pediatric elbow

A 9-year-old male presents with right elbow pain after a fall onto the elbow. What is your diagnosis? What common pediatric elbow findings are you looking for? What is your management and disposition in the ED? (Image 1: Case courtesy of Dr Ian Bickle,, rID: 47354)

This is a normal radiograph for the patient’s age. The bone fragments near his olecranon are part of his regular ossification center.

  • Pearl: The elbow has multiple ossification centers that can make reading pediatric radiographs challenging. Although the timing of ossification varies by patient, an often utilized mnemonic is CRITOE. The ages in the chart below are approximated years:

Image 2: Fully ossified elbow with centers labeled. Case courtesy of Dr Andrew Dixon,, rID: 20908

Image 3: Ossification in 2-year-old for comparison. Case courtesy of Dr Andrew Dixon,, rID: 20908

  • Pearl: Comparisons to normal pediatric imaging of similar age can be helpful when determining if there is pathology. Check out The Bone Pit – a free online favorite of the author.
  • Fat pads
    • Posterior Fat Pad: Always pathologic, even if no fracture is seen. In pediatric patients, it is commonly a supracondylar fracture, though it may represent any intra-articular injury [1].
    • Anterior Fat Pad: Routinely a normal finding, though larger sizes can also be pathologic (such as in Image 4).
      • More than 15 degrees of angulation indicates likely effusion [2]
        pediatric elbow

        Image 4: Type I supracondylar fracture with anterior (blue) and posterior (orange) fat pads labeled. Case with annotations courtesy of Richard Hopkins, MD

  • Lines
    • Anterior Humeral Line: Drawn down the anterior humeral shaft, it should intersect the middle ⅓ of the capitellum. If it doesn’t, consider a supracondylar fracture.
      pediatric elbow

      Image 5: Anterior humeral line. Case courtesy of Dr Benoudina Samir,, rID: 41196

    • Radiocapitellar Line – Drawn along the radial neck, it should intersect the capitellum. If it doesn’t, consider a radial head dislocation or fracture.

      Image 6: Radiocapitellar line. Case courtesy of Dr Benoudina Samir,, rID: 41196

  • Cortices
    • Observe each edge for cracks, widening, or abnormal lucencies, especially the radial head and olecranon.
    • Pearl: Consider ultrasound as an adjunctive imaging modality for the evaluation of an intra-articular effusion [3].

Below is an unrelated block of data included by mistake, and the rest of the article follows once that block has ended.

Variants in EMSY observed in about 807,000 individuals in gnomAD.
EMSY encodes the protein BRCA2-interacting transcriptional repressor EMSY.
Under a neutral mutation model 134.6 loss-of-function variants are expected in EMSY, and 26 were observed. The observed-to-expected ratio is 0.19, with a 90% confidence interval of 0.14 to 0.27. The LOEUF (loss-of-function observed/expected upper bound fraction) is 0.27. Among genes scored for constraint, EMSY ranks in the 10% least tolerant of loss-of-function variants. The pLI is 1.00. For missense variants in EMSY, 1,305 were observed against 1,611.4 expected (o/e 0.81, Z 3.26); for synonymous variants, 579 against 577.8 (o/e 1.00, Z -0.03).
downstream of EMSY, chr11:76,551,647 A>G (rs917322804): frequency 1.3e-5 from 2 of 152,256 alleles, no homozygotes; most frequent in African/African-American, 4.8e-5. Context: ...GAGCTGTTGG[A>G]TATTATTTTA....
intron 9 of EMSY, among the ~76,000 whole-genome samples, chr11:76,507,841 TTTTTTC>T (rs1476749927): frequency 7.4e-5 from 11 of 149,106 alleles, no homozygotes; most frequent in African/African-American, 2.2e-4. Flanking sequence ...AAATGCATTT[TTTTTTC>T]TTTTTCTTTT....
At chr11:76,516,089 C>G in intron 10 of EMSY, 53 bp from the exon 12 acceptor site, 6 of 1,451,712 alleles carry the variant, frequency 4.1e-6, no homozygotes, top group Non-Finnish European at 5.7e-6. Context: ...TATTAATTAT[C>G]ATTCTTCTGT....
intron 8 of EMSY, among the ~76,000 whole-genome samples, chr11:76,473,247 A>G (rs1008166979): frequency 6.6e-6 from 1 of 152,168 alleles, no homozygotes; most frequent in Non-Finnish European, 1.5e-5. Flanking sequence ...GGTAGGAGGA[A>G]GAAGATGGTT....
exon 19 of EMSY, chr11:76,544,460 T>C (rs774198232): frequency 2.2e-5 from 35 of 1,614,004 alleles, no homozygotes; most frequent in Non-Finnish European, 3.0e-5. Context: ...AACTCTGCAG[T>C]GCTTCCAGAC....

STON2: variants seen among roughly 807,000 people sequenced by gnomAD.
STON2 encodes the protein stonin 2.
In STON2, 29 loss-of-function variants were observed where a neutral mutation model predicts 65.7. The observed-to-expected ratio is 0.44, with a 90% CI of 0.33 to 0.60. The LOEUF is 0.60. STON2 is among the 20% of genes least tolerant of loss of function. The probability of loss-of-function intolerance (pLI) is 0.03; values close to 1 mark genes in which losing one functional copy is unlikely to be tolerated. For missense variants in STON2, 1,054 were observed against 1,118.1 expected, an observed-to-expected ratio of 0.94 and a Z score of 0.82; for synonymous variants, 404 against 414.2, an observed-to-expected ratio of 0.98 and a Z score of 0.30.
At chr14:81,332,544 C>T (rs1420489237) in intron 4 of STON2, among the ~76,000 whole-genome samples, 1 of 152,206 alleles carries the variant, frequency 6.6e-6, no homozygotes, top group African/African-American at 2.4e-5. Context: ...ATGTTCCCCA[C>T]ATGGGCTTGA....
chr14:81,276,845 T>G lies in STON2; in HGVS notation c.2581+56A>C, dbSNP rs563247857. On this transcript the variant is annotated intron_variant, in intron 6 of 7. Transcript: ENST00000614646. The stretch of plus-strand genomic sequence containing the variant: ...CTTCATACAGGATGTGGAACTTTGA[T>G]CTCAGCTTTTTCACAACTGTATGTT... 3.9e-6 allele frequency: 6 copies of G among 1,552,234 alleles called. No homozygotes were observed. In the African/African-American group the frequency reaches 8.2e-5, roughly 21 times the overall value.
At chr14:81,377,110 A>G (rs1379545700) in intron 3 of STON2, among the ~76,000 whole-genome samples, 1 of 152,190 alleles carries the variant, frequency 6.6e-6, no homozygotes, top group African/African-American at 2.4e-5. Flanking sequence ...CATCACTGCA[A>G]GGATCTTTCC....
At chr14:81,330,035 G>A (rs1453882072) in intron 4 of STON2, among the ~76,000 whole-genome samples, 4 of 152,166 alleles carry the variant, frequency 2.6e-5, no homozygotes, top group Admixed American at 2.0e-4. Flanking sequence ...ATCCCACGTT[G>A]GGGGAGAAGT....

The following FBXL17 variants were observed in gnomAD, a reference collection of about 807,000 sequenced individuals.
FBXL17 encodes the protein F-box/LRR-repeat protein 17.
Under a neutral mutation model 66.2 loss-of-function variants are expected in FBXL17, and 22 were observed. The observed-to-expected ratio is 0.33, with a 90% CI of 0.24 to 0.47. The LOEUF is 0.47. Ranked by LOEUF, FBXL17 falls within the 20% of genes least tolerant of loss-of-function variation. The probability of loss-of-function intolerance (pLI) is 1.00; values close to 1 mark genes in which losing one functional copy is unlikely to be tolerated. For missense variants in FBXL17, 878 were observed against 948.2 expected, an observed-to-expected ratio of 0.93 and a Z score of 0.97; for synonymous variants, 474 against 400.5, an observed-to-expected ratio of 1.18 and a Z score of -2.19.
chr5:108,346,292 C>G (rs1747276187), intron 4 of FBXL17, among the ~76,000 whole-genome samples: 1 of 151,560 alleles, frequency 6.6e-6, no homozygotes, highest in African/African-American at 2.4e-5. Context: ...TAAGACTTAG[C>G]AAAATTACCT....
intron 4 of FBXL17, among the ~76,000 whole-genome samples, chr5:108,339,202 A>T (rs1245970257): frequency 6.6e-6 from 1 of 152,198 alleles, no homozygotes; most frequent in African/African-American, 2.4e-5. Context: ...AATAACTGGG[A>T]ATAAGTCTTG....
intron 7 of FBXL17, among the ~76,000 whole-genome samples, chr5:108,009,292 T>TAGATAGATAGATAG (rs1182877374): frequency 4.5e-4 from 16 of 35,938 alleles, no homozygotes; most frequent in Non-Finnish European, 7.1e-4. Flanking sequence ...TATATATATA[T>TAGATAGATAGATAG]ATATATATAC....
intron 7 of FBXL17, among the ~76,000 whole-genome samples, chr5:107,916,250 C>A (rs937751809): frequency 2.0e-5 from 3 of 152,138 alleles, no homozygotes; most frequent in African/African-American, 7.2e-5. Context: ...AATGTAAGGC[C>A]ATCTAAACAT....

This patient’s family can be reassured and given instructions for symptomatic treatment. Follow-up can occur with a pediatrician as needed.

If there is no radiographic evidence, but there is clinical concern for a fracture, consider temporary immobilization with a sling or posterior long arm splint. Ensure close follow up in 1 week for re-evaluation. Long periods of immobilization may result in complications such as contractures, muscle atrophy, neuropraxia, infections, and ulcers.

Dealing with someone older? Check out EMRad’s approach to the traumatic elbow.

And don’t forget to investigate the SplintER archives.


  1. DeFroda SF, Hansen H, Gil JA, Hawari AH, Cruz AI. Radiographic evaluation of common pediatric elbow injuries. Orthop Rev (Pavia). 2017;9(1):21-26. PMC: 5337779.
  2. Blumberg S, Kunkov S, Crain E, Goldman H. The predictive value of a normal radiographic anterior fat pad sign following elbow trauma in children. Pediatr Emerg Care. 2011;27(7):596-600.
  3. Kim HH, Gauguet JM. Pediatric Elbow Injuries. Semin Ultrasound, CT MRI. 2018;39(4):384-396. PMID: 9435010
Mark Hopkins, MD

Mark Hopkins, MD

Loma Linda University Health
Mark Hopkins, MD

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William Denq, MD CAQ-SM

William Denq, MD CAQ-SM

Assistant Professor
Department of Emergency Medicine
University of Arizona
William Denq, MD CAQ-SM


Clinical Assistant Professor Emergency Medicine and Sports Medicine University of Arizona George Washington University '18 University of Pittsburgh '14 and '10